Somewhat understandably, expectations of the reliability of the Web and the Internet at large are still rock-bottom among its everyday users. Chances are you've had a client call you recently to say that her e-mail was down and so she might not have received anything you've sent her. Maybe you've tried to order something online recently, only to get kicked off while your credit card was being processed. Maybe your friend's ISP has been down for a couple of days and nobody in tech support seems to be able to tell him when he'll be back online again.
Scenarios like this are all too common. What is truly terrifying is that they accepted. Your client didn't sound surprised when she told you her e-mail was down. You probably didn't even curse under your breath when your online order went wrong. And your friend shrugged his shoulders and found an Internet caf downtown.
This is unique to the Internet. If you bought a new car, and it stalled on the highway just weeks later, you'd be pretty mad at your dealer. If you ordered a mocha latte before work and your barista gave you a cappuccino, you'd get mad at her and make her fix it. And if your DVD player went wrong, you'd take it back.
There are two reasons people don't get mad when the Internet doesn't work right. The first is that they reason that there's something innately complicated about the Internet, and that it must go wrong as a result. This is a non sequitur, of course; yes, the Internet is complicated, but so is your DVD player. In practice, too, the underlying infrastructure (that is, the servers, routers and so forth) of the Internet is pretty much rock solid; it's bad programmers who make things break.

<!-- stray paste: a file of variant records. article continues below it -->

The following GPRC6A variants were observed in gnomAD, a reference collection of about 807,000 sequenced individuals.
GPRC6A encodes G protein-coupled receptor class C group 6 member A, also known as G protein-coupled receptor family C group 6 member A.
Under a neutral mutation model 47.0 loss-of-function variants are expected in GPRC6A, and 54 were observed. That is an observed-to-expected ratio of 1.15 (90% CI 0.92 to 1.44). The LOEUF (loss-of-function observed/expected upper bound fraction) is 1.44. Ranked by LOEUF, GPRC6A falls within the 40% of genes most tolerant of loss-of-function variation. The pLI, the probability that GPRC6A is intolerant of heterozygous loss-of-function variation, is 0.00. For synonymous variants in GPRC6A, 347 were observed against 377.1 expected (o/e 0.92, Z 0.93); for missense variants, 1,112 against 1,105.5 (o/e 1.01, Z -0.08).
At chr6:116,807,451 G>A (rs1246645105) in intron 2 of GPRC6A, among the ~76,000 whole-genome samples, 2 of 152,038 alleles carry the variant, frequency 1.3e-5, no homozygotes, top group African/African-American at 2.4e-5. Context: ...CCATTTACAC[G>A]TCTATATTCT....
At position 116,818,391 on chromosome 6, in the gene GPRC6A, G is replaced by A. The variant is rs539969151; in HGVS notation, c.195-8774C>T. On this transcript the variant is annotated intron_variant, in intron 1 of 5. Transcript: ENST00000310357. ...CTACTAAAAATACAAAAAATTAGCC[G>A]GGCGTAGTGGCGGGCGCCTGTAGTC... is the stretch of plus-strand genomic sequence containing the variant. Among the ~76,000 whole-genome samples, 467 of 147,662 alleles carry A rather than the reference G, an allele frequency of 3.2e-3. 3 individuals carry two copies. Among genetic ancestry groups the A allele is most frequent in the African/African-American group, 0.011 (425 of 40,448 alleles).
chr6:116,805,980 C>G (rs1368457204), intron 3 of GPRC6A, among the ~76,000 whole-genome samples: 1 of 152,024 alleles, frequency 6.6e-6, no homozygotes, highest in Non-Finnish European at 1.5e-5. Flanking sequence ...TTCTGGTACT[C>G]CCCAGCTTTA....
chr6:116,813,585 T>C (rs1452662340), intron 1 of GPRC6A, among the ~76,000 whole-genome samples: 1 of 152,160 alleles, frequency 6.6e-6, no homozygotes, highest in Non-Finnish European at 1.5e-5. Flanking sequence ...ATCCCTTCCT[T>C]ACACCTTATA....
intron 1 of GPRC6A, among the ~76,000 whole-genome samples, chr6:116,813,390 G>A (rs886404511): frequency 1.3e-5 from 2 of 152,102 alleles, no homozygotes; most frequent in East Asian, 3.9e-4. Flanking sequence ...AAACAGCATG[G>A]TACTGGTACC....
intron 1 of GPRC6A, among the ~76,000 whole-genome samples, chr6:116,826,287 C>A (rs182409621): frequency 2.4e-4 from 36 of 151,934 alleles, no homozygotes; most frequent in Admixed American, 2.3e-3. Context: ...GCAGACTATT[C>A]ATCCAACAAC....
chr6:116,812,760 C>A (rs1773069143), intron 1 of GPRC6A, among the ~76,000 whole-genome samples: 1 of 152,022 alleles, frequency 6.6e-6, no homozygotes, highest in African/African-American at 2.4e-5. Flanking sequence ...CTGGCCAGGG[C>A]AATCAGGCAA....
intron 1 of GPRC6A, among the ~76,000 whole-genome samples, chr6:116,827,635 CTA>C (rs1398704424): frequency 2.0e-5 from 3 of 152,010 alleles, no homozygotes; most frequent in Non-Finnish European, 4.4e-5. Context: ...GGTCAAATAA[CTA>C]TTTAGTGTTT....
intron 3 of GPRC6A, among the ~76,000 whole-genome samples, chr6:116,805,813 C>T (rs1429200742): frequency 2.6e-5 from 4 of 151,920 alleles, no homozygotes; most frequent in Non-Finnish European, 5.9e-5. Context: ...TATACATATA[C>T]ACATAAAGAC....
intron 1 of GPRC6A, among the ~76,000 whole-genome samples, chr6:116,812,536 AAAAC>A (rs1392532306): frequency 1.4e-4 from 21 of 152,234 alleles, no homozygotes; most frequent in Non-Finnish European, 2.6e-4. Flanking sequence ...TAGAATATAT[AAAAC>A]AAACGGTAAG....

The second and more crucial reason applies to those who have had previous experience with Internet application developers. Frequently, their past experiences with these agencies and individuals have been such that their expectations with present vendors have hit rock bottom. The fact of the matter is that there are few other industries in which such an explosion of dangerously underskilled labor has occurred in the past few years. This has manifested itself in both appalling freelance Web "professionals'' and some truly appalling Web agencies. Excellence is the exception rather than the rule. In effect, there are literally thousands of vendors who talk the talk but don't walk the walk.
The more cynical inference from this observation is that because your client's expectations will be low, you should aim low, too, because they're not likely to get mad at you if things go wrong. This approach, however, is not only cynical but also not commercially sensible.
Aiming to have a high-quality product before handing over to the client is not just about keeping the client happy; it's about maintaining your own sanity, too.
It is inevitable that your assembled system will, initially at least, be functionally defective in some way. This does not necessarily mean that it will malfunction in the traditional sense; it could be slow when real-world data is applied, or have some unforeseen business logic error. A systematic approach to quality assurance prior to handover ensures that:
Developer time and, hence, cost spent on resolving defects is minimized through a thorough, structured approach